I am being punished for that day I went fishing for pigeons from a friends highrise flat in London while still at college. Hey, we were bored and the fish weren't biting. (There were no fish in the Thames then.)

I wish I had some calcium dicarbide to feed them....

"Here birdy birdy!" munch, munch, uh? Kaboom!

Monday, April 11, 2005

I hate stripping wood BUT....

If there is one thing that I hate more than stripping paint, it is roofing!

I have just spent the last three days putting a new roof on the garage of one of the in-laws' properties. The weather was great for it but I still hate roofing. The total cost in materials, should anyone consider doing this themselves was less than $350. It took me a day and a half to remove two layers of shingles and another day and a half to put on the new layer. The concept is simple and straight forward, in fact I would even say that almost anyone could install a roof. In fact, I think everyone should do it at least once in their lifetime. Just like everyone should be a department store cashier for one Christmas season just to know what it is like. However, it is not easy work. It is physically gruelling and I ache everywhere right now. Just like I did 4 years ago when I did our roof. ( And swore I would NEVER do this again.)

You know what else, just when I was almost done. Down to the last few feet of the ridge capping in fact. Yeah, that's when I did it. I smacked the index finger of my left hand with the roofing hammer....

Now, if you feel inspired to know what this feels like then you need to grab a meat tenderizing hammer, add a pound to it's weight, put your finger on a counter and smack it with the finer of the two surfaces. If you want it to look like mine then the finger nail has to go red and the underside has to swell up like a hardened plum and even retain that plum color. Can you say Ouch? I must have been a sight, straddled across the roof ridge shaking my hand violently and with tears in my eyes as I muttered (whimpered more like) ooch, ooch, ooch. Ouch, ouch, ouch. Cussing and blowing, knowing full well that no roof job is complete until you have smacked your finger and christened the new shingle with blood....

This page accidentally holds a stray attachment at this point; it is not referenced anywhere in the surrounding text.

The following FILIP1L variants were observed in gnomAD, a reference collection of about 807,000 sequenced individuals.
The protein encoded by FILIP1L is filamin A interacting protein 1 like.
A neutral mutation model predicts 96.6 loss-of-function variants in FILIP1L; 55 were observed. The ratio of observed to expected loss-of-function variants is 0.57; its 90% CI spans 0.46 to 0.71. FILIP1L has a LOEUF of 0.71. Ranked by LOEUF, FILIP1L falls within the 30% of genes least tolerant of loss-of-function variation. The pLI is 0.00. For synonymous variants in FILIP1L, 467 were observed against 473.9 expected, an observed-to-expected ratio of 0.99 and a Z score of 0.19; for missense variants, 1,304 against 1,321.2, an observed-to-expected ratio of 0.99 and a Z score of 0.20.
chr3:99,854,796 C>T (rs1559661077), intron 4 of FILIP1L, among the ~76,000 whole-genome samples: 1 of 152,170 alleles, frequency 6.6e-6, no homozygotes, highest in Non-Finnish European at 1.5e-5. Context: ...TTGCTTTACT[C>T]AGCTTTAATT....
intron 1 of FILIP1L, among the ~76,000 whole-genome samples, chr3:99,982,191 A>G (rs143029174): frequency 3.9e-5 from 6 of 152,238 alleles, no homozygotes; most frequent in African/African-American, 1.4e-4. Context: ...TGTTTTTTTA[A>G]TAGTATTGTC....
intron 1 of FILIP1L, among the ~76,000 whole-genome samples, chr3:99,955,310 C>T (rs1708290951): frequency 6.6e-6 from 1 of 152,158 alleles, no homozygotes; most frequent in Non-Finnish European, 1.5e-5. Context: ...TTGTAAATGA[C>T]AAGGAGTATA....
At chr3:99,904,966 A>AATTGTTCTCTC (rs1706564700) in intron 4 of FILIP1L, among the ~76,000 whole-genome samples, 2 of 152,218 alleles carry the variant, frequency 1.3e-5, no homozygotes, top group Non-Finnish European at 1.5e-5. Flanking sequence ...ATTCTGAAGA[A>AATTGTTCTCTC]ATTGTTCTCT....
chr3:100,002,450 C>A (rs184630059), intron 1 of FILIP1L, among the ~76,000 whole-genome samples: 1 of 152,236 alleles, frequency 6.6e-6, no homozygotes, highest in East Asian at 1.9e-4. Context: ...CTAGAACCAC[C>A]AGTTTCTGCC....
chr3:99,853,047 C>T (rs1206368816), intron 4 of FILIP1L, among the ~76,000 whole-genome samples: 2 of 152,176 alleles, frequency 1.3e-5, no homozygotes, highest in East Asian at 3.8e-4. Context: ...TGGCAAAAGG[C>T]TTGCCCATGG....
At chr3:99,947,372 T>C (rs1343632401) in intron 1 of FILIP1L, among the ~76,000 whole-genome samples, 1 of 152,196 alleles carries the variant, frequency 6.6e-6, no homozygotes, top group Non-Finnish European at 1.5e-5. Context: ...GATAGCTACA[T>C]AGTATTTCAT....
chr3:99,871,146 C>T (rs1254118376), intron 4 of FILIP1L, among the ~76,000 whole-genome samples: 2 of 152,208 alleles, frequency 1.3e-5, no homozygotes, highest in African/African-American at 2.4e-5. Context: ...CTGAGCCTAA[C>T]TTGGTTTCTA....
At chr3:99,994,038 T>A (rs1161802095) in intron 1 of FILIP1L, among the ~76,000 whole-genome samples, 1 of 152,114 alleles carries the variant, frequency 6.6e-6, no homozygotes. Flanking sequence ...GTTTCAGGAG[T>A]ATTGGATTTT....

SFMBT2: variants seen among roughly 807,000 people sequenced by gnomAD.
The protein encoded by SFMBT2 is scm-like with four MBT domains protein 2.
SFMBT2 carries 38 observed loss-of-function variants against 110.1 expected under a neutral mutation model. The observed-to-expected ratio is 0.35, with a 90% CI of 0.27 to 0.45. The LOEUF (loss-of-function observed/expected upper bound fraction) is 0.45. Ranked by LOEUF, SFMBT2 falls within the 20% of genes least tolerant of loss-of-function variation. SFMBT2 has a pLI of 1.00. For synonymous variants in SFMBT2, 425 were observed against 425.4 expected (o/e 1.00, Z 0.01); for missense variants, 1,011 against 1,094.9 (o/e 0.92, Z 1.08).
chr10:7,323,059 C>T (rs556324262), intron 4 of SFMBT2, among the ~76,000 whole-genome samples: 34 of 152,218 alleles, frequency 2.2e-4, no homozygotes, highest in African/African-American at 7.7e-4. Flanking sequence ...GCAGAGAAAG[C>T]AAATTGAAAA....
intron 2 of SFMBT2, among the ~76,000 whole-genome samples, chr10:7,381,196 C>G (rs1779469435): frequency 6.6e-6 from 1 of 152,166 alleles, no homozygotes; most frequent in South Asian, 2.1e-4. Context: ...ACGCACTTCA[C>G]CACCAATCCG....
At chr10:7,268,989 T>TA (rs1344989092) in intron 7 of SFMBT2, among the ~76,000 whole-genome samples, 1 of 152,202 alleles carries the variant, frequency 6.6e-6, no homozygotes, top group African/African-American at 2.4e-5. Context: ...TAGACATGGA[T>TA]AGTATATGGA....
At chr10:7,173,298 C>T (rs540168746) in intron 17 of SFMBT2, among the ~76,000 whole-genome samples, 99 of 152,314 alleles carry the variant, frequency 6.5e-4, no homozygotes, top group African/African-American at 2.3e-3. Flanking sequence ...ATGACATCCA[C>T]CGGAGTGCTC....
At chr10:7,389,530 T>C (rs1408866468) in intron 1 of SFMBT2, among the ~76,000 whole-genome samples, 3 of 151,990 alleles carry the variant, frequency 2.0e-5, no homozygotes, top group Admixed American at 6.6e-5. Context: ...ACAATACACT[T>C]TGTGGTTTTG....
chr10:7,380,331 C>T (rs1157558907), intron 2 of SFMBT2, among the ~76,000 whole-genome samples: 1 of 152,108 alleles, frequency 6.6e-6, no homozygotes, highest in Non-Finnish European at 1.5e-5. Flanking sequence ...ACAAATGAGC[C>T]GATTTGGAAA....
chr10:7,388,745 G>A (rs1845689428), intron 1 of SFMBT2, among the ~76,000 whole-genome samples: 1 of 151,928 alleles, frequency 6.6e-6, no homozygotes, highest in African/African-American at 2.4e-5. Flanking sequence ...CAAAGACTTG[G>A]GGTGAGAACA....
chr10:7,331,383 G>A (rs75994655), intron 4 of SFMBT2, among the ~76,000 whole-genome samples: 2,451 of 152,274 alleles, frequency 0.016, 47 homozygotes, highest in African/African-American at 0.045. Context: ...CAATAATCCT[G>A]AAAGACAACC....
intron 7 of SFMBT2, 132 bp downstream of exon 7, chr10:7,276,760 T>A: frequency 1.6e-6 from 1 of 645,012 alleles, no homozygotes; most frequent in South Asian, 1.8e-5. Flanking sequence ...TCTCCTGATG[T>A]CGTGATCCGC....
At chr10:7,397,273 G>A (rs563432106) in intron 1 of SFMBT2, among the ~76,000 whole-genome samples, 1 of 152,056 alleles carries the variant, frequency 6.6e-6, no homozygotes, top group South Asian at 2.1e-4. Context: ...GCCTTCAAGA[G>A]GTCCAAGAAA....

I think I will take some aspirin and go to bed....

Did I mention I really hate roofing?

Thursday, April 07, 2005

A Gold Star and a Kiss on the Cheek goes to...

Kasmira at Cincinnati Cape Cod for correctly guessing that my entire day would be spent sweeping the floors and vacuuming all the dust that has accumulated on the second floor over the last 6 months because of all the sanding I have been doing!

There is a reason I am doing this. The main one is that I have to prepare the bathroom for the major onslaught of tiling that I need to do this month. I also need to put down the oak floor in the narrow hallway on the same floor. I've also managed to get much of the dust off the floor in the finished bedroom (it was really bad) but that will still require some oil soap and a floor mop.

I wonder how many times I have actually had to sweep the floors, I know it is a lot!

It isn't easy being me.....

Back to the job I do most often!

Can you guess what work I have done the most since we bought the house?

C'mon, you can guess.... It is really quite obvious.....

Well, I'm not going to tell you just yet, I will keep you guessing for a day...

In the meantime, I'm off to the house to do that work I do sooooooo often.

P.S. Here's a hint. Cough, cough!